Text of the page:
Sustainable tourism is spreading here in Singapore in the art spaces. When art lovers visit the iconic lotus-shaped ArtScience Museum at Marina Bay Sands, they support an environmentally conscious infrastructure. The museum is the first in Asia Pacific to receive LEED Gold certification. Key green features include natural daylight penetrating the interior and a Rain Oculus that recycles nearly 1.4 million liters of rainwater annually.
What is Destination Discovery without food? In Singapore, sustainable dining options can lead to guilt-free indulgence.
Open Farm Community is Singapore’s pioneering urban farm and restaurant concept, Michelin-starred Labyrinth puts local produce front and center and Scaled by Ah Hua Kelong sources fresh seafood from local kelongs and farms.
A drink can also quench the green thirst. The eco-friendly Bar Graft pulls a range of cocktails, beers and mocktails on tap, allowing customers to hand-pull and reducing dependency on labour. Drinks are also served in recycled sake, beer, and wine bottles.
The homegrown cocktail spot takes a zero-waste approach, using ants and fermented grasshoppers to make the drink.
At the plant-based resto-bar Analogue, guests can even buy sustainable furniture.
With many sustainable accommodation options in Singapore, mindful explorers can be assured of a responsible stay. Many eco-conscious hotels are partially solar powered, replacing their single-use plastics with reusable alternatives, have food waste processes and energy-efficient systems.
For example, Singapore’s first garden-in-a-hotel, Parkroyal Collection Marina Bay, Singapore places travelers amid lush foliage that acts as natural carbon dioxide scavengers and sinks. The eco-friendly hotel is home to one of the largest urban farms in the city-state, which provides 20 percent of the hotel’s food supply. With more than 60 varieties of vegetables, herbs, fruits and edible flowers, the urban farm forms the backbone of the hotel’s farm-to-table, farm-to-bar and farm-to-spa concepts, reducing the hotel’s dependence on the food supply chain and carbon footprint, according to General Manager Melvin Lim.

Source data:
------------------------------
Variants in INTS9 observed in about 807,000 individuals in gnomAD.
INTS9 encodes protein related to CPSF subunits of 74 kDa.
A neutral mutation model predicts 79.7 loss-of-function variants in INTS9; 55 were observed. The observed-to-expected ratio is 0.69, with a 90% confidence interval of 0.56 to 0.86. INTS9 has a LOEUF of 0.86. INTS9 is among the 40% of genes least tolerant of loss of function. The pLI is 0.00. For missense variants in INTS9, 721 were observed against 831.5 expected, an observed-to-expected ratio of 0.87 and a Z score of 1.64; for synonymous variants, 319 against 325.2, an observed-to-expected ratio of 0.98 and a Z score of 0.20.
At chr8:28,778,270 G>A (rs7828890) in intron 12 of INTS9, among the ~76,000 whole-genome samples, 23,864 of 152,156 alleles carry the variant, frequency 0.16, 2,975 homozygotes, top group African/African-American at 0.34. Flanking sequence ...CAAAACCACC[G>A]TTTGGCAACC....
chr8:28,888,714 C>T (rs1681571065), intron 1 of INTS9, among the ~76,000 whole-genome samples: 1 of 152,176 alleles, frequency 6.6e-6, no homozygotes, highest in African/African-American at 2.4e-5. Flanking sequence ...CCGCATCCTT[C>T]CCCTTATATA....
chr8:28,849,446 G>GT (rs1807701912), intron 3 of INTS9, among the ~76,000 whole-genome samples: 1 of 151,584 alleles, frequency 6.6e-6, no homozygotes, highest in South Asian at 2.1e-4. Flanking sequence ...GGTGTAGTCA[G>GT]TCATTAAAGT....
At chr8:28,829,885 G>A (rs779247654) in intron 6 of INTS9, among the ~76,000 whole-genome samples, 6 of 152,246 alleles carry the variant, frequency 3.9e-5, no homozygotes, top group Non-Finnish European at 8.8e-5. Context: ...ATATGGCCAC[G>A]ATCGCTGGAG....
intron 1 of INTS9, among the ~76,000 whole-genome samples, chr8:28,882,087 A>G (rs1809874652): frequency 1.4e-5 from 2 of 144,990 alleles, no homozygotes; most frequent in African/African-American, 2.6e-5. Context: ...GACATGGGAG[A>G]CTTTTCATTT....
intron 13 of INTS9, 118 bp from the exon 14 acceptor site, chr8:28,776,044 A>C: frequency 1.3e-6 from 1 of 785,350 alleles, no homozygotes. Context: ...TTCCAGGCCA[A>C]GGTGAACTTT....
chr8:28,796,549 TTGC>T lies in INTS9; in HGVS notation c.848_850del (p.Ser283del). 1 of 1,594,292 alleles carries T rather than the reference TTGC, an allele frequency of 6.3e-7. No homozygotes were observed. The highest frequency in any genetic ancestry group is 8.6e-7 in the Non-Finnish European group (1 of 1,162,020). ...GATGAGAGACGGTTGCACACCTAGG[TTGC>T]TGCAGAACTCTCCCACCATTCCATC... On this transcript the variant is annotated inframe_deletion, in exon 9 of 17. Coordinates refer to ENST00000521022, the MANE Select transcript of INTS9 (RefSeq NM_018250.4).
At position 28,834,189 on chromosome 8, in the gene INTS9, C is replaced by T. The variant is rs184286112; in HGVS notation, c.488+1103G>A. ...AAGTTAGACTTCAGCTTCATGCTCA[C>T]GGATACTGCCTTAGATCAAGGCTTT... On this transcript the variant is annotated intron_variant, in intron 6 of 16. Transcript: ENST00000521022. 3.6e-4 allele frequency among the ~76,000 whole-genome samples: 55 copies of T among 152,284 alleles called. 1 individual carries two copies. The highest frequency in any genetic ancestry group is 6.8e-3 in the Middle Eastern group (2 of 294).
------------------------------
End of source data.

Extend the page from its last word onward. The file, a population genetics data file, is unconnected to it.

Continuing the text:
Gino Tan, Country General Manager, The Fullerton Hotels and Resorts said that the recently renovated Fullerton Farm at The Fullerton Hotel Singapore also features a wide range of herbs and spices used by their chefs in creative dishes, cocktails and side dishes.
Hotel guests can enjoy an all-vegan menu – prepared with fresh, organic farm produce – by ordering the plant-based afternoon tea set, available at The Courtyard at The Fullerton Hotel Singapore and The Landing Point at The Fullerton Bay Hotel Singapore .
Sustainable stay experiences increasingly extend beyond the borders of the hotel through curated learning opportunities. Free Fullerton Farm Tours, led by an experienced gardener, invite hotel guests to learn more about biodiversity.
The new RWS EcoTrail from Resorts World Sentosa offers guests a look behind the scenes of the sustainability highlights of the integrated resort, such as the 29,000 m² forest, the photovoltaic system and the herb garden.
The Parkroyal Collection Marina Bay, Singapore is now looking to expand their well-received guided tours to a wider audience such as corporate guests.
Lim said, “Not only would this highlight the sustainability aspects of the hotel, but it would also reassure corporate organizations that their choice of accommodation provider and event partner is helping to make their own ecosystem of values sustainable.”